Two New Books Argue That It Is Time For String Theory To Give Way By George Johnson


by Lee Smolin

Houghton Mifflin, 2006 ($26)


by Peter Woit

When you click the link for the Postmodernism Generator (www.elsewhere. org/pomo), a software robot working behind the scenes instantly throws together a lit-crit parody with a title like this: "Realities of Absurdity: The dialectic paradigm of context in the works of Fellini." And a text that runs along these lines: "In a sense, the main theme of the works of Fellini is the futility, and hence the stasis, of precapitalist sexuality. An abundance of deconceptualisms concerning a self-falsifying reality may be revealed."

Reload the page, and you get "The Dialectic of Sexual Identity: Objectivism and Baudrillardist hyperreality" and then "The Meaninglessness of Expression: Capitalist feminism in the works of Pynchon."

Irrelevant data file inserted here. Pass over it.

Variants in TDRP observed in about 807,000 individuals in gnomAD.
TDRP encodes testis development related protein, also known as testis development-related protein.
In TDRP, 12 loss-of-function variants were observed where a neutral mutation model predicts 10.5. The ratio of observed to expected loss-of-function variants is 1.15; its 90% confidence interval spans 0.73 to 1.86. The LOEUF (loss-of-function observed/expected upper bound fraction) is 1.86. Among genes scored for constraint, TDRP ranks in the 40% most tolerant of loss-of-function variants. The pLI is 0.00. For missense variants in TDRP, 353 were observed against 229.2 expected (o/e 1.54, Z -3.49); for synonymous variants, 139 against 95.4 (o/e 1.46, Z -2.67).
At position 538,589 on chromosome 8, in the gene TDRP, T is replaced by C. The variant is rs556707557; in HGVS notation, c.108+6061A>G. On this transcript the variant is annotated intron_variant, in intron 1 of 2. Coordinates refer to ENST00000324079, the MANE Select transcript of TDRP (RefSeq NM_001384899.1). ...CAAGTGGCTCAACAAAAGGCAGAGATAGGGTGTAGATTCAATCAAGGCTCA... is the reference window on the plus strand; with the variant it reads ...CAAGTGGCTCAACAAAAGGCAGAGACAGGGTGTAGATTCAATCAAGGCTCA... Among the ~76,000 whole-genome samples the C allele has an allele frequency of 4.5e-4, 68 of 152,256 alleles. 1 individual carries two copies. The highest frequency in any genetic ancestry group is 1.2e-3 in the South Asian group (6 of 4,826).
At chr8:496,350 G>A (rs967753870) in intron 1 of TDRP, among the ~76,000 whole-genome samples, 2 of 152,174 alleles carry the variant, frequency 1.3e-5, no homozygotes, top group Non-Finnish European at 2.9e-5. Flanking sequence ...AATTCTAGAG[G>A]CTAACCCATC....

With a tweak to the algorithms and a different database, the Web site could probably be made to spit out what appear to be abstracts about superstring theory: "Frobenius transformation, mirror map and instanton numbers" or "Fractional two-branes, toric orbifolds and the quantum McKay correspondence."

Those are actually titles of papers recently posted to the repository of preprints in theoretical physics, and they may well be of scientific worth—if, that is, superstring theory really is a science. Two new books suggest otherwise: that the frenzy of research into strings and branes and curled-up dimensions is a case of surface without depth, a solip-sistic shuffling of symbols as relevant to understanding the universe as randomly generated dadaist prose.

In this grim assessment, string theo-ry—an attempt to weave together general relativity and quantum mechanics—is not just untested but untestable, incapable of ever making predictions that can be experimentally checked. With no means to verify its truth, super-string theory, in the words of Burton Richter, director emeritus of the Stanford Linear Accelerator Center, may turn out to be "a kind of metaphysical wonderland." Yet it is being pursued as vigorously as ever, its critics complain, treated as the only game in town.